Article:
If you're anything like me, you're caught in the modern Catch 22 - an irresistible urge to buy the Next Big Tech Gadget, and a crashing disappointment if you ever do.
Why should we care if we have the newest laptop, TV screen, cellphone, mobile tablet or .mp3 player?
The reason we DO care, I guess, is that we have a nagging suspicion that we'll be better people with just the right gadget unlocking the perfect wave of inspiration and happiness.
The sad reality, of course, is that no matter how crisp the screen or long the battery life, your creativity and ability to actually generate anything starts in your head, not in your electronic device.
In fact, about the best thing a new device will do is that it will do exactly what flagship devices aren't good at: it will disappear into the background, merely acting as a conduit for your thoughts, rather than hampering that process with network disruptions or poor sunlight legibility.
If you're an author, you can still write a book 'old school' on a typewriter - no need for a Windows 8 powered laptop. Buying a Galaxy S4 or an Apple iPhone 5 won't make you a genius at writing funny tweets which are instantly popular - all they may do is give you more screen real estate to flood yourself in other people's inane tweets.
So how do we explain people who are so fiercely loyal to their devices? In the tech world, Samsung is very much the DA to Apple's ANC. Sony is like maybe like Agang - showing promise, but lacking widespread acceptance.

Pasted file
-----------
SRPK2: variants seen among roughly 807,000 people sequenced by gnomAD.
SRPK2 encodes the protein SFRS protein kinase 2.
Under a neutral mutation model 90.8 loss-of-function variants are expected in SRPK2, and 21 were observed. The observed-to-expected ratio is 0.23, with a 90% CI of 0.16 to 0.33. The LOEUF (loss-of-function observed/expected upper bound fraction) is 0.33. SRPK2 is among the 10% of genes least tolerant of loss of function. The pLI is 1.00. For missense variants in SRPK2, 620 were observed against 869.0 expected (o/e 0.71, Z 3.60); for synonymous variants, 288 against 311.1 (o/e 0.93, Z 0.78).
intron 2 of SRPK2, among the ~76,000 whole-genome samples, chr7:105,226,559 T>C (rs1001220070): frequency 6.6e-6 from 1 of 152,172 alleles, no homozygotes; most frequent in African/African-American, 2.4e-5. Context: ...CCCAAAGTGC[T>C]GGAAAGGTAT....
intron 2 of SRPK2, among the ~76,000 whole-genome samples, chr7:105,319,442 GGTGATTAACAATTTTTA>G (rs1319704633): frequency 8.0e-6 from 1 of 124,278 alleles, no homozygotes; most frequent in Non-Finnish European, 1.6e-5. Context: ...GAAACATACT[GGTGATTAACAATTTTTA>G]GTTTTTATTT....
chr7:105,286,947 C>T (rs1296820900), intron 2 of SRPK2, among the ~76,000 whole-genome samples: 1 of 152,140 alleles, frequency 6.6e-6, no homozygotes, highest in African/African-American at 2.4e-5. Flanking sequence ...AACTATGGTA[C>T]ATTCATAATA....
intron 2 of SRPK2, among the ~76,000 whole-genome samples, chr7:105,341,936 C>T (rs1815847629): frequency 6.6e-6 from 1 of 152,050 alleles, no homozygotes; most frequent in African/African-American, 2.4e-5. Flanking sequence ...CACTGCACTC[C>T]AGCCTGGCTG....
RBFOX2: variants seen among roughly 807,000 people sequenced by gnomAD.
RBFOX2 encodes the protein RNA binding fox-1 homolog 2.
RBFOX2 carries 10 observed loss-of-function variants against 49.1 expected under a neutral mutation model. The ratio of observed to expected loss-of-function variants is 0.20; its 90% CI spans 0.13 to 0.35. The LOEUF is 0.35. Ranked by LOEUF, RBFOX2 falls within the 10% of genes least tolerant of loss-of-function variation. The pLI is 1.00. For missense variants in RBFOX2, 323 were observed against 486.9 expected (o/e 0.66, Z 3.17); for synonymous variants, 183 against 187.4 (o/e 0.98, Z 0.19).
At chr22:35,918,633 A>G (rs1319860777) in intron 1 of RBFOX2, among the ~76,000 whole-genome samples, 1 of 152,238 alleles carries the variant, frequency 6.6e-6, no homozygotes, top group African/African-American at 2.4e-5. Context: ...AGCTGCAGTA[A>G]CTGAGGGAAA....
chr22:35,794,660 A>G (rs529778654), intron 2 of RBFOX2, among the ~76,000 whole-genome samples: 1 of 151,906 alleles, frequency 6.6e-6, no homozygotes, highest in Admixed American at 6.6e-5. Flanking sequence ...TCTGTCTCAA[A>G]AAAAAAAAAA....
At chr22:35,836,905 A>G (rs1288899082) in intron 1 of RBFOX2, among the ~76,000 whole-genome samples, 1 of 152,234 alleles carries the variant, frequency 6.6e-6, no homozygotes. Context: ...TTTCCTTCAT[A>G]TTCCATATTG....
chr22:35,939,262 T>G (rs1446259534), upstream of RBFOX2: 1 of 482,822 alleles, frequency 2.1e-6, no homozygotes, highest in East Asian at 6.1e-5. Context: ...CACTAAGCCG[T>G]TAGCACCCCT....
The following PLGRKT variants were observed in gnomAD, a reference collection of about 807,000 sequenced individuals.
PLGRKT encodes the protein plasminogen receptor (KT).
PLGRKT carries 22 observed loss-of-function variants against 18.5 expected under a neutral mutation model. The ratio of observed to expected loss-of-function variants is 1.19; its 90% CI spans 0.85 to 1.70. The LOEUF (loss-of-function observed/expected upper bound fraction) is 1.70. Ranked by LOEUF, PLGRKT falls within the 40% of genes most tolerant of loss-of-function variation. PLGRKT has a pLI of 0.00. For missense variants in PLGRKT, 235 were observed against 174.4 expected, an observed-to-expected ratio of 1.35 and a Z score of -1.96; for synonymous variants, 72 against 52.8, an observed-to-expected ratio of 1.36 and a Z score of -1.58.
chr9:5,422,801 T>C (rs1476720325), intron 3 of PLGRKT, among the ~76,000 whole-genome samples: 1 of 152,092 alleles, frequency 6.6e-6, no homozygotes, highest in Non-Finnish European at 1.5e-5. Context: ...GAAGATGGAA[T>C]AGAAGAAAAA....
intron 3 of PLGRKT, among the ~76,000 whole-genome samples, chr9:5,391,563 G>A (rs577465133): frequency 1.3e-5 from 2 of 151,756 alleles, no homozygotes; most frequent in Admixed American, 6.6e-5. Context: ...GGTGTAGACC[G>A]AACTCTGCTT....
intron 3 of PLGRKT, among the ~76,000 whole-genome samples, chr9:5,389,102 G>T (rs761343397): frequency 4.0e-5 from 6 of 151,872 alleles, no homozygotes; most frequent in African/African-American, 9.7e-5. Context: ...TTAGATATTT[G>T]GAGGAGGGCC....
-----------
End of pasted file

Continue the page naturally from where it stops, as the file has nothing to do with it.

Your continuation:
I think that the cause is simple: if we're invested for the next 24 months into an expensive flashy flagship, we're not willing to concede that somebody else has a better handset because that might mean they've got a better chance at ... you guessed it, living a happy and productive life.
If we're honest about it, the last real game-changers in the IT field were the Internet and Windows XP. Everything else is just faster and more ergonomic, but if you're not innately productive or funny or in need of all the tech gadgets' dozen new features it will make about as much difference to your life as a Formula 1 engine will do for a proverbial granny's driving skills.
In fact, all of this reminds me about a clever book I saw recently which offered hundreds of solutions to problems you'd never think about until you're in them. No doubt wildly useful if you can read it and memorise it, but dollars to donuts you're not going to have it handy just at the moment you're stuck in a desert and trying to remember whether you drink your pee filtered through a teabag or your t-shirt.
As humans, we're really angry about this. I think we feel cheated when devices come out which DON'T make our lives immensely better, and depending on our personalities we might just be driven to writing a snarky review online - maybe using aforementioned device, for poetic justice.
I'm going to go back to basics. I'll write a book, in Notepad on my old laptop. I'll use my BlackBerry (gasps) to share a funny tweet I actually had to think about. I'll resist the urge to buy a 3D television.
And I might, just might, find that elusive happiness and golden productivity we're all chasing.
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